The Cree leading the People: Mistikôkosiwak

The Metropolitan Museum, NY has given its first commission to a Native American in the 150 years of its existence to the Cree painter, Kent Monkman, born 1965.  

 

Two large paintings are hanging above head level in the entrance hallway of the museum.

Both paintings incorporate references to paintings and sculptures, North American and European, which belong to the Met.

The painting which comes most readily to mind, compositionally, is Washington Crossing the Delaware, 1851: an image associated with the beginning of armed revolutionary success.

The words in inverted commas below are from the website of the Met. 

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“The commission’s primary title, mistikôsiwak, derives from a Cree word meaning “wooden boat people.” It originally applied to French settlers, but Monkman uses it to refer to all the Europeans who colonized the so-called “New World.”

The left painting of the diptych, Welcoming the Newcomers, dramatically recreates their arrival, as they brought with them institutions of religion and slavery. The Native inhabitants display a range of responses toward the newcomers…..”

 

 

 

Welcoming the Newcomers

 

 

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Welcoming the Newcomers, 2019 acrylic on canvas. 

 

 

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 Welcoming the Newcomers, 2019 acrylic on canvas. 

Kent Monkman, Cree, born 1965.  Courtesy of the artist from the website of the Metropolitan Museum of Art NY

 

 

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 Detail of Welcoming the Newcomers, 2019 acrylic on canvas. 

 

 

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Detail of Welcoming the Newcomers, 2019 acrylic on canvas. 

 

 

 

 

 

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Washington crossing the Delaware, 1851, oil on canvas, and details.  Emmanuel Leutze, 1816-1868, German American.  Metropolitan Museum of Art, NY

 

 

 

 

…”Resurgence of the People, the second painting, is a testament to, and celebration of, Indigenous resiliency over time, particularly in the face of pernicious and persistent colonizing forces, both political and cultural…..”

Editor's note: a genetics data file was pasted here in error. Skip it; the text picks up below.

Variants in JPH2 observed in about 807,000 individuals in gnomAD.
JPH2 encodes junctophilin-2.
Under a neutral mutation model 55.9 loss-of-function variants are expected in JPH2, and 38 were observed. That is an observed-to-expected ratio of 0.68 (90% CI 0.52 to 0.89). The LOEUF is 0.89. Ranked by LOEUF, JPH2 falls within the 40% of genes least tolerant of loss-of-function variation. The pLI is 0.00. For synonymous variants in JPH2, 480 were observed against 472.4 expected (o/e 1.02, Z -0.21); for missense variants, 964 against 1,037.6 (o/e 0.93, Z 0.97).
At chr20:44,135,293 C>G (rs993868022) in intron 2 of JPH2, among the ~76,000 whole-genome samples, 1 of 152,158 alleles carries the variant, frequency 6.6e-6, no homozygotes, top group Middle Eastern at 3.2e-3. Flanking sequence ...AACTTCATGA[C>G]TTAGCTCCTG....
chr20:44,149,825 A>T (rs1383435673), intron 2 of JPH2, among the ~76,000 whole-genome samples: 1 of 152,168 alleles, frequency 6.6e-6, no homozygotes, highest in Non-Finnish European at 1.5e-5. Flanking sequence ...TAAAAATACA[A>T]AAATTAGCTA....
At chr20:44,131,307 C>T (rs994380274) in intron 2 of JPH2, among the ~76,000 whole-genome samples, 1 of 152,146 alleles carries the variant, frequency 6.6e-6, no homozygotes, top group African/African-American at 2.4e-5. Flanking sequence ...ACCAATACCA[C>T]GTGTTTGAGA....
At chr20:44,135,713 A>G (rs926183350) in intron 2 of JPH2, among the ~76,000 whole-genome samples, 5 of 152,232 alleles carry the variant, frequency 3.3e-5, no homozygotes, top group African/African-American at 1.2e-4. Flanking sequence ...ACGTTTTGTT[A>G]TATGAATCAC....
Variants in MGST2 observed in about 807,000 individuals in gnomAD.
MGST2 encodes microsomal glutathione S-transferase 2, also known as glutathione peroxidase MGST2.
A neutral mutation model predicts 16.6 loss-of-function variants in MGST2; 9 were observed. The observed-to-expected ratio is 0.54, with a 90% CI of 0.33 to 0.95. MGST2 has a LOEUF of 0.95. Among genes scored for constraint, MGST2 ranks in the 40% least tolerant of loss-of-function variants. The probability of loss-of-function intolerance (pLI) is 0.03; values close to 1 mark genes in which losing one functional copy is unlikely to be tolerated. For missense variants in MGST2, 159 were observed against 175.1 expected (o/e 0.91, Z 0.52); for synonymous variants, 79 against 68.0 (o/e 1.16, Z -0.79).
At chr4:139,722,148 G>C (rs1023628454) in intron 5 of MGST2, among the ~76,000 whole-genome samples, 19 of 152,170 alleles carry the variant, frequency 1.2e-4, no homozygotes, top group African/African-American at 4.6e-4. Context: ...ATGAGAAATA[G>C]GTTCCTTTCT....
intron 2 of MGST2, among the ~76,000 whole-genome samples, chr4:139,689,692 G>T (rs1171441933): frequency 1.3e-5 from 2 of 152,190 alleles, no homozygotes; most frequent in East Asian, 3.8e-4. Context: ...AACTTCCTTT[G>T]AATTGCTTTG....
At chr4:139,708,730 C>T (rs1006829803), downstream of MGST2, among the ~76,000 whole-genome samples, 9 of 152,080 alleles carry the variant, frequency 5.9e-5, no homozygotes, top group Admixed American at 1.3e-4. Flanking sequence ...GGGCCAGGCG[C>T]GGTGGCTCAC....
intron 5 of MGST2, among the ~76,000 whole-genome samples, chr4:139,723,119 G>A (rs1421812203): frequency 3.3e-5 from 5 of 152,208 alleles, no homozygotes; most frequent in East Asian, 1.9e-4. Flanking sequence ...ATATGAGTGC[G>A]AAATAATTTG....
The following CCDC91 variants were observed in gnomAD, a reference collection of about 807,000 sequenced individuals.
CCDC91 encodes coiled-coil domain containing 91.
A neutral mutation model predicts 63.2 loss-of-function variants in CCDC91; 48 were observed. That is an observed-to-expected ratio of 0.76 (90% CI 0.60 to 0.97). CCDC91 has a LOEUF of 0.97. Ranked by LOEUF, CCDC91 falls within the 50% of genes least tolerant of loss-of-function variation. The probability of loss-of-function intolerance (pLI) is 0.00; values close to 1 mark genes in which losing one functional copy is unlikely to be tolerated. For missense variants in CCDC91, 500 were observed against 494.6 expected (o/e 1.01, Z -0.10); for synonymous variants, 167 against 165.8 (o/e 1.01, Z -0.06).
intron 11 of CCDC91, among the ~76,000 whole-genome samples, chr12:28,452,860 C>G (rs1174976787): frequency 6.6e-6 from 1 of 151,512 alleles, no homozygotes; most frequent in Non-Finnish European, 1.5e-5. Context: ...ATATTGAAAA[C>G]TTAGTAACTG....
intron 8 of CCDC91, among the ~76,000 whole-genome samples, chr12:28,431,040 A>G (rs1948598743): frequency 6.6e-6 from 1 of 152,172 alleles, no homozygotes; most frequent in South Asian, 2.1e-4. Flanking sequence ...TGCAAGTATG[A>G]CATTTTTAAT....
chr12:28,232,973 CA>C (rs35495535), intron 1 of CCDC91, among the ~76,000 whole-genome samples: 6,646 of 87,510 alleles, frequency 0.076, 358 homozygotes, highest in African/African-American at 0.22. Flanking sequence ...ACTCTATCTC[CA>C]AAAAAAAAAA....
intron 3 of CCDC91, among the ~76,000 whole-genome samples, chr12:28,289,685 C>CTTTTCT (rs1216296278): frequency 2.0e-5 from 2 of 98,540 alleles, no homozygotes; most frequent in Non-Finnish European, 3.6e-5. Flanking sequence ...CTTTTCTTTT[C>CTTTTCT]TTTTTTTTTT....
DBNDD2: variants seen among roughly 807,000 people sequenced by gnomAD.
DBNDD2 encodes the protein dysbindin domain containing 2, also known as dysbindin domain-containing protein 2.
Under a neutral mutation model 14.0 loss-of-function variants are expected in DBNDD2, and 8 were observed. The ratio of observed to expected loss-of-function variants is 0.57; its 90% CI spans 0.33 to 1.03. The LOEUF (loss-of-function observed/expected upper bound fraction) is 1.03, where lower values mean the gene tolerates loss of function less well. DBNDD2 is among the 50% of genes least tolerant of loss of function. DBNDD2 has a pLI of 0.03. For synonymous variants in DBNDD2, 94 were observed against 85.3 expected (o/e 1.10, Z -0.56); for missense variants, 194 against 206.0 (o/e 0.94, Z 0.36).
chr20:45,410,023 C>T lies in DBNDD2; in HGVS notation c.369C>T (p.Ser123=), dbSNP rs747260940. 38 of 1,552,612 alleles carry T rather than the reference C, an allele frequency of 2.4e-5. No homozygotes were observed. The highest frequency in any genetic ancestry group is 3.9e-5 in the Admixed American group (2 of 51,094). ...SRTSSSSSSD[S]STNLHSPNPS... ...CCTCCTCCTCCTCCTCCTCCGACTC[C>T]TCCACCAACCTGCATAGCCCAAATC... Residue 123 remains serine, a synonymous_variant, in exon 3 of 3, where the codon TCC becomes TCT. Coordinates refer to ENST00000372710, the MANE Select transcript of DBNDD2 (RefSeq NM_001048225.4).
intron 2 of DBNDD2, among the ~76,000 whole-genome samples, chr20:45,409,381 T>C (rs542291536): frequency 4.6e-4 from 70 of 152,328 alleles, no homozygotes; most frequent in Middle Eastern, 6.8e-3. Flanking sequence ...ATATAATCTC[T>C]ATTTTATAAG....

Resurgence of the People

 

 

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Resurgence of the People, 2019. Acrylic on canvas. 

 

 

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Resurgence of the People, 2019. Acrylic on canvas. 

Kent Monkman, Cree, born 1965.  Courtesy of the artist on the website of the Metropolitan Museum of Art, NY

 

 

 

Prominent in both paintings is the larger-than-life figure of Miss Chief Eagle Testickle, Monkman’s shape-shifting, time-traveling alter ego.”

 

“Miss Chief, whose name plays on the words “mischief” and “egotistical,” is in part an embodiment of the Indigenous Two Spirit tradition, which embraced a third gender and nonbinary sexuality, and ran contrary to constructions of gender and sexuality imposed by European settlers.”

 

“Miss Chief also refers to the Cree trickster figure, who subverts conventional beliefs and wisdom in traditional stories but also often protects and affirms life (as Miss Chief does here in both instances)……”

 

 

 

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Detail of Resurgence of the People, 2019. Acrylic on canvas. Courtesy of the artist on the website of the Metropolitan Museum of Art, NY

 

 

 

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Detail of Resurgence of the People, 2019. Courtesy of the artist on the website of the Metropolitan Museum of Art, NY

 

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Detail of Resurgence of the People, 2019. Courtesy of the artist on the website of the Metropolitan Museum of Art, NY

 

 

 

 

 

 

 

 

 

 

 

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